How do you write about friendships and fond memories without putting them in past tense forever, when in fact this is what is about to happen? It’s hard to describe what Kura has meant for Stockholm coffee, but I will try to describe it from my own angle.
The story is old, but I’ll tell it anyway. In the summer 2010, I arrived to Stockholm pretty much heartbroken over the fact that my own family had decided we needed to move to Sweden. My marriage was in turmoil, it was the worst possible timing to arrive in Stockholm since jobs don’t happen over summer. I felt a depression hitting me hard, and the only light in my clouded mind was Kura Café. I was introduced to Cymon Reid by my then sister-in-law (who would later go on to become a barista at Da Matteo in Gothenburg), and funny enough my then brother-in-law who lived in the same house as Kura. Neither my sister- nor brother in law had any idea Cymon knew the other.
After quickly scouting Stockholm for good coffee, I found that Kura was the only place, besides V Street in the central parts of town (now Mean Coffee), that offered what I thought was a great espresso. This was just around the time when people were talking about the new Scandinavian espresso style; a thinner fruiter/acidic version of espresso, where as I, still to this date, prefer the Australian/American style of espresso with a heavier body and more mouthfilling. This little conclusion lead me to Da Matteo roasters who were the common roaster for Kura and V Street.
My initial contact with Da Matteo was with their sales rep, Johan Ahlgren, who would later take off running Stockholm Roast with partner Öner Kulbay. Together with Cymon we put up the first cupping open for the whole coffee community in Stockholm, where the centre of attention was Nekisse, a big talked up coffee at this time, that I had worked with through Five Senses in Perth, and now was available in Sweden through Da Matteo. At the same time, I had friends from London and Australia over, so there was a bit of an international touch over that night, which was the start, I’d say, of something new! Also around this time, I was running a crappy blog, which reported on various topics picked up on the internet as well as locally in Stockholm, and I think that helped Stockholm a bit to overcome their shyness and check out what was going on!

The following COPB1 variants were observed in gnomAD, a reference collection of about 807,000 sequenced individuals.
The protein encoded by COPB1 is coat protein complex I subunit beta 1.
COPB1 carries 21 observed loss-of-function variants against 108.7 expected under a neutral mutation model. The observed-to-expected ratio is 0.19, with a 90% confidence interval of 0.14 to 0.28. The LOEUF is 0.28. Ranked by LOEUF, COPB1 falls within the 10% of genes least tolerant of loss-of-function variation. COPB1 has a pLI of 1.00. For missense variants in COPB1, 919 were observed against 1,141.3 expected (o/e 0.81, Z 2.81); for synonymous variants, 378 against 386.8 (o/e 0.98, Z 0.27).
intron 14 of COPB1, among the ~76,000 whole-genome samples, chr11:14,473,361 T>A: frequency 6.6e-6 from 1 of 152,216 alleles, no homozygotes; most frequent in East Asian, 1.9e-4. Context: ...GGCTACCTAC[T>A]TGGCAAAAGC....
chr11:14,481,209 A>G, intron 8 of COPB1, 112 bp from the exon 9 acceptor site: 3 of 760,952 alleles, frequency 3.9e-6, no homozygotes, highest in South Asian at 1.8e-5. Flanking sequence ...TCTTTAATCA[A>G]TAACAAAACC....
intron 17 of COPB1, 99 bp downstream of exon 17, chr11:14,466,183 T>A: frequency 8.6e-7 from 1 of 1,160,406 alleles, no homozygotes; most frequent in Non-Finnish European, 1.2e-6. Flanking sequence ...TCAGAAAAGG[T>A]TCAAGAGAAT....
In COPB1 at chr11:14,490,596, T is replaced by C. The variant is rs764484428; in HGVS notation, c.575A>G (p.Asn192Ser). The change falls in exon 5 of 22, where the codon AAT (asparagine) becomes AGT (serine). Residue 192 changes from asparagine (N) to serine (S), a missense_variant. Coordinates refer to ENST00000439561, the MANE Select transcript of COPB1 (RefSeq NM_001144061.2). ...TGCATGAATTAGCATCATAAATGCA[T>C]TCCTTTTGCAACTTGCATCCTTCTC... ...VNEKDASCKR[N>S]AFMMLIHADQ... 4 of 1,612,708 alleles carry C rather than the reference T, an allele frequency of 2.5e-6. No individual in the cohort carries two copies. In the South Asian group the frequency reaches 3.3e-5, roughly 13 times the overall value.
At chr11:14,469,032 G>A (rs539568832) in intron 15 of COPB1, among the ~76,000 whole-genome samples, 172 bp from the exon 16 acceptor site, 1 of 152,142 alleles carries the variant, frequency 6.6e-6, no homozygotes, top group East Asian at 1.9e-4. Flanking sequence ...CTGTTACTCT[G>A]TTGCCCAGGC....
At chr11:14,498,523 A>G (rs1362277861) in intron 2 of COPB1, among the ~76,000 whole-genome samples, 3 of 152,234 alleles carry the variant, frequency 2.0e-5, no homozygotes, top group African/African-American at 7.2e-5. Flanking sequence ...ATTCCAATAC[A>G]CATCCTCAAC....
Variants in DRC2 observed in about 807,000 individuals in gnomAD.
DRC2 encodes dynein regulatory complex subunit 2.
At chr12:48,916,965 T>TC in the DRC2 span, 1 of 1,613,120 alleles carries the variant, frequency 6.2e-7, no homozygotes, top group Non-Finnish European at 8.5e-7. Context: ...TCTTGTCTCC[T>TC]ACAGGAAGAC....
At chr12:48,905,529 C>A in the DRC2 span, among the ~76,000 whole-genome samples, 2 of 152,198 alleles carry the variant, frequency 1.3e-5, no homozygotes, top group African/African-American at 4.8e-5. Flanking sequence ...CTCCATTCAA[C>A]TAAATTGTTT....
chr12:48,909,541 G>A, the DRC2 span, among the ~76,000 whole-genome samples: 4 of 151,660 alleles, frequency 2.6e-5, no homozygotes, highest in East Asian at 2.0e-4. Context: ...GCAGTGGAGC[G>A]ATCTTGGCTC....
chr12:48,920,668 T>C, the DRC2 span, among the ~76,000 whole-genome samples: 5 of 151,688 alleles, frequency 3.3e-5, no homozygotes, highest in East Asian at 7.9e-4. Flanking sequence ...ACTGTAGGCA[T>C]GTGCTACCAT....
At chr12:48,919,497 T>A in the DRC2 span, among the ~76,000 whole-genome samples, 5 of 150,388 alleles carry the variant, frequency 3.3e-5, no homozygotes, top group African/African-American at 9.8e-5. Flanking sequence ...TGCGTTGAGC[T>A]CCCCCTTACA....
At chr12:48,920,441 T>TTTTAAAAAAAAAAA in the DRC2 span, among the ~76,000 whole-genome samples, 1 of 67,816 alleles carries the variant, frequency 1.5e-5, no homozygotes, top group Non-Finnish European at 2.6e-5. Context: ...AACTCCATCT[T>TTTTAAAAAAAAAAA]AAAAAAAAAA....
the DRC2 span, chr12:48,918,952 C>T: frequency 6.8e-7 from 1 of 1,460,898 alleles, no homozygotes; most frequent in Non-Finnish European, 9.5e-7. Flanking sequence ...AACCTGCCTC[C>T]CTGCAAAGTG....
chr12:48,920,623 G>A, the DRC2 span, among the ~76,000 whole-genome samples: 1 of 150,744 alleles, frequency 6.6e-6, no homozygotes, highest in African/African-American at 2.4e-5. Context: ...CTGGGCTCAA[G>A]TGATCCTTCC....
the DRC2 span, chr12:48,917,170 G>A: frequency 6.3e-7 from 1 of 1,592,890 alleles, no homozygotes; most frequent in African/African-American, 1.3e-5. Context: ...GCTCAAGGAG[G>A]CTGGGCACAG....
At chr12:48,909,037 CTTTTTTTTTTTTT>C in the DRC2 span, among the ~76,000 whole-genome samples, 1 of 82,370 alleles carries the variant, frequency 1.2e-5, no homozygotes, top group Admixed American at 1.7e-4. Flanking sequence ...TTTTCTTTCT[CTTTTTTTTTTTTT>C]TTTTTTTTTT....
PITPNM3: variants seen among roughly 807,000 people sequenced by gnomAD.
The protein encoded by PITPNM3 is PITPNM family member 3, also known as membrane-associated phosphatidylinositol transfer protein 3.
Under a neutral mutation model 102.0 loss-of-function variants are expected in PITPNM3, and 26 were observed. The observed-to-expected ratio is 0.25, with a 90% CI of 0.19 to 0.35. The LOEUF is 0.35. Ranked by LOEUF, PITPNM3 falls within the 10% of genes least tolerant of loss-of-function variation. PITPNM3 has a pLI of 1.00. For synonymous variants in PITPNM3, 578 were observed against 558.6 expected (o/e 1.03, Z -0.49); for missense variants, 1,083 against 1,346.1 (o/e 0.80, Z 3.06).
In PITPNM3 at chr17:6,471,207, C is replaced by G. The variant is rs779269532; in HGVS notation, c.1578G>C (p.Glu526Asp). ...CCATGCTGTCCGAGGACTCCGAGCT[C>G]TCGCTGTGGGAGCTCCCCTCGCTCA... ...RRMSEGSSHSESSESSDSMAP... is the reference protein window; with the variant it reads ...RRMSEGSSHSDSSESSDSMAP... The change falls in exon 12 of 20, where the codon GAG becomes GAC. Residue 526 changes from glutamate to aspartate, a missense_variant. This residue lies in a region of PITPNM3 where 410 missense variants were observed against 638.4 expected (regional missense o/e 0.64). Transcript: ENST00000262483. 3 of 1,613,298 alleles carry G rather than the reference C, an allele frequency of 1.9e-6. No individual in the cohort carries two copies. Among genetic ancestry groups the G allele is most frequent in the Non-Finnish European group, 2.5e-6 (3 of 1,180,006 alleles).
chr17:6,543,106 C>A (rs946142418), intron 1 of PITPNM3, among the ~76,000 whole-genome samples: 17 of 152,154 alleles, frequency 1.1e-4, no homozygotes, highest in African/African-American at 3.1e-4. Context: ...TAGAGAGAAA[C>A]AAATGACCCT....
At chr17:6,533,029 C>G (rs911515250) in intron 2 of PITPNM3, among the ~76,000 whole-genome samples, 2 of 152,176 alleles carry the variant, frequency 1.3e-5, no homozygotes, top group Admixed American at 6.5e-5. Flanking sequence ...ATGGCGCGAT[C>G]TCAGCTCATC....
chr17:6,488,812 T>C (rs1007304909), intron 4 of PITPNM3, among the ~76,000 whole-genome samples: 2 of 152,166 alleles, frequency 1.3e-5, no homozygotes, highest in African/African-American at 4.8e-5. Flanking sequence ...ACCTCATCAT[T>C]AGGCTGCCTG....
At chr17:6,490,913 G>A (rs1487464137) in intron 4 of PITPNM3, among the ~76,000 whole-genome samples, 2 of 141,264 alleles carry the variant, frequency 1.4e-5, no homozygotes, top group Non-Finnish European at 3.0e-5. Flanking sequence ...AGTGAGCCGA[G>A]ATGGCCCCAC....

The harsh reality of Sweden is that it is actually rather easy to get employed, but rather hard to have a career in coffee like in more coffee based countries such as Australia or America. I was hell bent to work in coffee, but not to just any price. So instead of taking up a job at a place I might not like it at, I went back to driving trains in the Stockholm Underground, something I did some seven years prior (and still do). However, I did shifts at Kura to maintain some of my coffee knowledge, and decided that I should compete again in order to really keep myself on my toes.
I met with Christian Gullbrandsson of Da Matteo, and went to Gothenburg for what would be a life changing moment, when meeting Matts Johansson, the owner of Da Matteo. They decided to sponsor me with coffee, and I did most of my training at Kura, but also went to practice in Gothenburg and to hang out with Matts. At this point, I knew that Da Matteo would be the only company I could work with in Sweden, since the philosophy and the product was so linked to what I believed in. Unfortunately, they’re based in Gothenburg.